It’s sometimes difficult to know what to do if you see a friend or family member struggling with their mental health. That’s why we’ve written this carefully considered blog post.
Our clients’ loved ones are among the most valuable resources available during treatment and recovery. This blog post will explore how helpful you can be to your loved ones in crisis, and how helpful you already are.
Mental health care and recovery is a slow process, so it can often feel like what you’re doing isn’t helping. It’s clear to us, though, that our clients’ loved ones are enormously helpful. So, in this blog post we will discuss how friends and families can have a positive impact on our clients’ treatment and recovery.
Spot when something isn’t quite right
Friends and family are often in the best position to identify early signs of someone having a hard time. It’s often those closest to our clients who first notice that something’s not right. One of the best things you can do if you see a friend or family member’s behaviour and mindset start to change is to simply ask how they’re doing.
Part of what makes Socium so different is that we include loved ones in our clients’ care. It’s always useful to get an outside perspective, and we’ve found that the insights our clients’ friends and family can provide are invaluable in helping to shape our treatment and care plans.
Help get the ball rolling
The hardest step to take is the first.
Not only can friends and family help identify when something’s wrong, but they can also be incredibly helpful when encouraging their loved ones to take the first step to recovery.
Many people in crisis find it difficult to advocate for themselves. Having the support and encouragement of loved ones can make it easier to seek help. If someone close to you is having a hard time, offering your help with making an appointment to see a doctor or clinician can make all the difference.
At Socium, we’ve found that including the loved ones of our clients in their care where appropriate improves outcomes.
Even something as simple as helping your loved one remember to take their medication can be a huge benefit. The involvement of loved ones in our clients’ care also helps us build a more complete picture of how treatment is progressing, and where our clients may need a little more help.
Many conditions can make it difficult for our clients to remember taking medication or keep appointments. Every piece of gentle encouragement is useful.
Support healthy living
A healthy lifestyle is a huge element of mental wellbeing, but sadly it can be one of the first things to fall by the wayside in times of crisis.
The loved ones of our clients are hugely helpful when it comes to the day-to-day. Exercise, for example, is possibly the single biggest natural aid to wellbeing. So why not take your loved one out for a run? Go swimming, get on your bikes or even just go for a walk; it’s amazing how much difference it can make.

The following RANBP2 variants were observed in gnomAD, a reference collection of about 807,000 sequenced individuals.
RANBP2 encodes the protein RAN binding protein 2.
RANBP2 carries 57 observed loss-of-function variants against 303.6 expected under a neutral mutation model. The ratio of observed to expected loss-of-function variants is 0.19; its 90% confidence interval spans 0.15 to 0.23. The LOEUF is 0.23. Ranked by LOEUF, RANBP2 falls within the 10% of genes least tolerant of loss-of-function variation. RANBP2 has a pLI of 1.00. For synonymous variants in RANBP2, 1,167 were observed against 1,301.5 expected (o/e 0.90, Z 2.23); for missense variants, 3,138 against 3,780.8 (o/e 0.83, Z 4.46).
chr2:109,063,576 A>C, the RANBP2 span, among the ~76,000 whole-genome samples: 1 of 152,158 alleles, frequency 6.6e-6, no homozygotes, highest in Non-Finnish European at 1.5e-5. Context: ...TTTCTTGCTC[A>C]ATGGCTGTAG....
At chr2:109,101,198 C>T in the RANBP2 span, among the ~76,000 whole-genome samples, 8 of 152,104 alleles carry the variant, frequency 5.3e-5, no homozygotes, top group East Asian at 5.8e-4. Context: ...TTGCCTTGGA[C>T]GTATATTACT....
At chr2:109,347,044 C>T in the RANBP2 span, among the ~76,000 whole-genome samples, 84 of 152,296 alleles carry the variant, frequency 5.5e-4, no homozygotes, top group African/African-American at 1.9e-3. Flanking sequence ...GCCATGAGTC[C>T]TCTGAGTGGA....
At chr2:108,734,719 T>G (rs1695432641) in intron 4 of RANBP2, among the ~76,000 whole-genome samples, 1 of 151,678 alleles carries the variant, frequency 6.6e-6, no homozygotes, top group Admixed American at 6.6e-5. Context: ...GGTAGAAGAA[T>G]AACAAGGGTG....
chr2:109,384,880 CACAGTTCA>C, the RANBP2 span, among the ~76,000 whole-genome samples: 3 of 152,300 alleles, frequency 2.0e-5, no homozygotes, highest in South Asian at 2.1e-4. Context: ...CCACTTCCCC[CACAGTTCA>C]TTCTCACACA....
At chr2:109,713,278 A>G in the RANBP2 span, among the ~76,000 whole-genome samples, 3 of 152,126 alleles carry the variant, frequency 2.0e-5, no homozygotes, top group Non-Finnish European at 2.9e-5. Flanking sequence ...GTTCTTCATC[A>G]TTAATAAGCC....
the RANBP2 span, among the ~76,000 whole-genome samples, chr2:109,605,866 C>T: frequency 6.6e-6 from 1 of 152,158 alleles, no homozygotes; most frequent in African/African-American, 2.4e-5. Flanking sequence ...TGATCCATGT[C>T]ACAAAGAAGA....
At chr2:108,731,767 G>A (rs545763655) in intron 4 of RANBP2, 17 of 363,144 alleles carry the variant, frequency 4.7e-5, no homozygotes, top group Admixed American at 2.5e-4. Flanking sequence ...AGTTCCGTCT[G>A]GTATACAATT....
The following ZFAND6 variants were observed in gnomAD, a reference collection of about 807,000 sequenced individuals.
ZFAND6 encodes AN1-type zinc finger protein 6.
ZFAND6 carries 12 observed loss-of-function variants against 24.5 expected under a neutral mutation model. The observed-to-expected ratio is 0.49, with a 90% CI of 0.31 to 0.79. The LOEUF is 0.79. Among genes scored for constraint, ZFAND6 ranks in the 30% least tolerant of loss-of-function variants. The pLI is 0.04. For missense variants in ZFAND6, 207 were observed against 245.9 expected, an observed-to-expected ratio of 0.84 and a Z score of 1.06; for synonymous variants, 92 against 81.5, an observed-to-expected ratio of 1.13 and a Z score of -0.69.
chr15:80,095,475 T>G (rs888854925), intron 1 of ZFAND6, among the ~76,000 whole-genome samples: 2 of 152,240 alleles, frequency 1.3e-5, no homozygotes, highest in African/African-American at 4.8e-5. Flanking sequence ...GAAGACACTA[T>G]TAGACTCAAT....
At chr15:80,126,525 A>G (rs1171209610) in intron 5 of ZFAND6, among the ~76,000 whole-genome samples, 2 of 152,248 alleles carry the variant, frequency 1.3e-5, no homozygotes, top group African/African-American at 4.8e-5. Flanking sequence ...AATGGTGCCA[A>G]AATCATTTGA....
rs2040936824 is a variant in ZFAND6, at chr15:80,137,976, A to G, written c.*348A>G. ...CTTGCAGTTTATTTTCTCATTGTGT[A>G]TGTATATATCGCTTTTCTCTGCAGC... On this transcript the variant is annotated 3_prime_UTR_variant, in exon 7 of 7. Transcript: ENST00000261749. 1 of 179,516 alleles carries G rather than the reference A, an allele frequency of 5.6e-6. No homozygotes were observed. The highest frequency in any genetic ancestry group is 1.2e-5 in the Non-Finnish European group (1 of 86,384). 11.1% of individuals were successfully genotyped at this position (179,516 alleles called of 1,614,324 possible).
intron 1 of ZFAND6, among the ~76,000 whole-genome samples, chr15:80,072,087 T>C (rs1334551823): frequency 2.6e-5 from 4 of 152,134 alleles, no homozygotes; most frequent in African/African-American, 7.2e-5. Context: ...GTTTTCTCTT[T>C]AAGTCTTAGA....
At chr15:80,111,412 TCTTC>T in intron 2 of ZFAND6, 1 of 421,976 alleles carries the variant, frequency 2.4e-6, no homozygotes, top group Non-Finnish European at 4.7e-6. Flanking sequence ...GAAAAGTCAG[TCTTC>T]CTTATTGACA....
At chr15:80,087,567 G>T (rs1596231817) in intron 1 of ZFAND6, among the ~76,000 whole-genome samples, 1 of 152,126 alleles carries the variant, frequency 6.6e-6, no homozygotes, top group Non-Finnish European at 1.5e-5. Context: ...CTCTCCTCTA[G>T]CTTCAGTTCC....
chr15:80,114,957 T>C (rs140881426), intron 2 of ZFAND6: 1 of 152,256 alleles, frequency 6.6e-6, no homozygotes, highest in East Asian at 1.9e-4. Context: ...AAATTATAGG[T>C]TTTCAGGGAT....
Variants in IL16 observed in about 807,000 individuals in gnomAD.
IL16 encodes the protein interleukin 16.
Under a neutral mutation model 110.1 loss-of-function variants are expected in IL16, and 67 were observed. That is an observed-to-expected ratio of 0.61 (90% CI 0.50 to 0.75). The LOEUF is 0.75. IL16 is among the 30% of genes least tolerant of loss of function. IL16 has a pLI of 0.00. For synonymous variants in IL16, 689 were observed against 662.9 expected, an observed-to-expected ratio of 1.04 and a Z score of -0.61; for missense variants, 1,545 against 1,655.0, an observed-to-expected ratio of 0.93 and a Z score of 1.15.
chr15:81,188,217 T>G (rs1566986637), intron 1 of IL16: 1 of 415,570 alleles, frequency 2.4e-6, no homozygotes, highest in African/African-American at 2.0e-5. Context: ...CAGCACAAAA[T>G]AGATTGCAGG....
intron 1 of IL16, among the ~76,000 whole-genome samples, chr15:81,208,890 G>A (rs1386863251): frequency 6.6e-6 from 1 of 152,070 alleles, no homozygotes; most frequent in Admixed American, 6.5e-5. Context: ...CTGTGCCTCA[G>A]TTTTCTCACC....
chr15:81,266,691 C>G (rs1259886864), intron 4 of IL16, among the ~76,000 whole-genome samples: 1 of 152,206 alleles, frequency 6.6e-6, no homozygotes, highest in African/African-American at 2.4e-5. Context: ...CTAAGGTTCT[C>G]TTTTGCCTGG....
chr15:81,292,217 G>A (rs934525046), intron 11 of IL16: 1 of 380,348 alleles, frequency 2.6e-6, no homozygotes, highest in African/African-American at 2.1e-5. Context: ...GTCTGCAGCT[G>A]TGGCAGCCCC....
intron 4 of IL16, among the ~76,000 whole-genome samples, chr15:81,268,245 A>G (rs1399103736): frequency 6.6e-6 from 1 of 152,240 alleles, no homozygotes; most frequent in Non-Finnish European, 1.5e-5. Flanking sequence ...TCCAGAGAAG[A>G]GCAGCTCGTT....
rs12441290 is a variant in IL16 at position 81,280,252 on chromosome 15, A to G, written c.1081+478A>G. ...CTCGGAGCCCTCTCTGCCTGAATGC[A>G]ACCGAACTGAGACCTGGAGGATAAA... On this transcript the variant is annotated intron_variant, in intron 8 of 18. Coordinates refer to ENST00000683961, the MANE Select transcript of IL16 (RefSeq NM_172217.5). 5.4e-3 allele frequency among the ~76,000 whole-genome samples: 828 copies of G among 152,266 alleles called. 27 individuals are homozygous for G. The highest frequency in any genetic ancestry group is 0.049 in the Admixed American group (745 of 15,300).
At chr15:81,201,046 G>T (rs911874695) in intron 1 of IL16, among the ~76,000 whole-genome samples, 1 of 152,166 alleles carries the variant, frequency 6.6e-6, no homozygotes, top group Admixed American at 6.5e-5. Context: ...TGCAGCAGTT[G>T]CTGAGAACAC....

There’s no need to specifically address your loved one’s mental health in this process; the improvements to wellbeing come naturally with time. Exercising is a great way to “recharge” the mental batteries and relieve pressure, giving your loved one something positive and external to focus on.
Be there for them
If you have a loved one facing challenges with their mental health, this is the most important tip we can give you.
Be there for them. It may not always feel this way, but you can be the most important element in your loved one’s recovery. Every little thing you do for them helps.
It’s important to recognise, however, that supporting a loved one through their illness is stressful. Recovery is a long process, and your loved ones don’t have to go through it alone.
That’s where we come in. Our Check-In service provides a weekly chat with one of our expert mental health nurses, creating a valuable checkpoint for progress and an opportunity to discuss our clients’ mindset.
Since we’ve launched Check-In, we’ve had enormous support from the family and friends of our clients, as well as our clients themselves. Check-In helps provide some of the same care that is often given by friends and family. This takes the pressure off, improving outcomes for everyone.
What should I look out for?
We’ve compiled a brief list of some of the more common signs that a friend or family member may be experiencing a mental health crisis.
- They seem to lose interest in hobbies and activities they used to enjoy.
- They’re quicker to anger, or they seem more upset than usual.
- They mention having unsettling thoughts or hearing strange voices.
- They withdraw from contact without a clear reason, not getting in touch as much as they used to.
- They have been drinking heavily or using drugs.
- Their sleeping and/or eating patterns have changed.
- They seem more anxious or frightened of situations they used to enjoy.
- They miss more time from work or school.
If you or one of your loved ones is going through a crisis, you’re not alone. For urgent crises, the NHS provide free Mental Health Helplines throughout the UK.
Please see the link below to seek urgent help for you or a loved one.
Socium is here to help you and your loved ones through recovery, helping you navigate treatment and build an effective care plan.
Get in touch with our team today on 0203 384 0007 to discuss how we can help.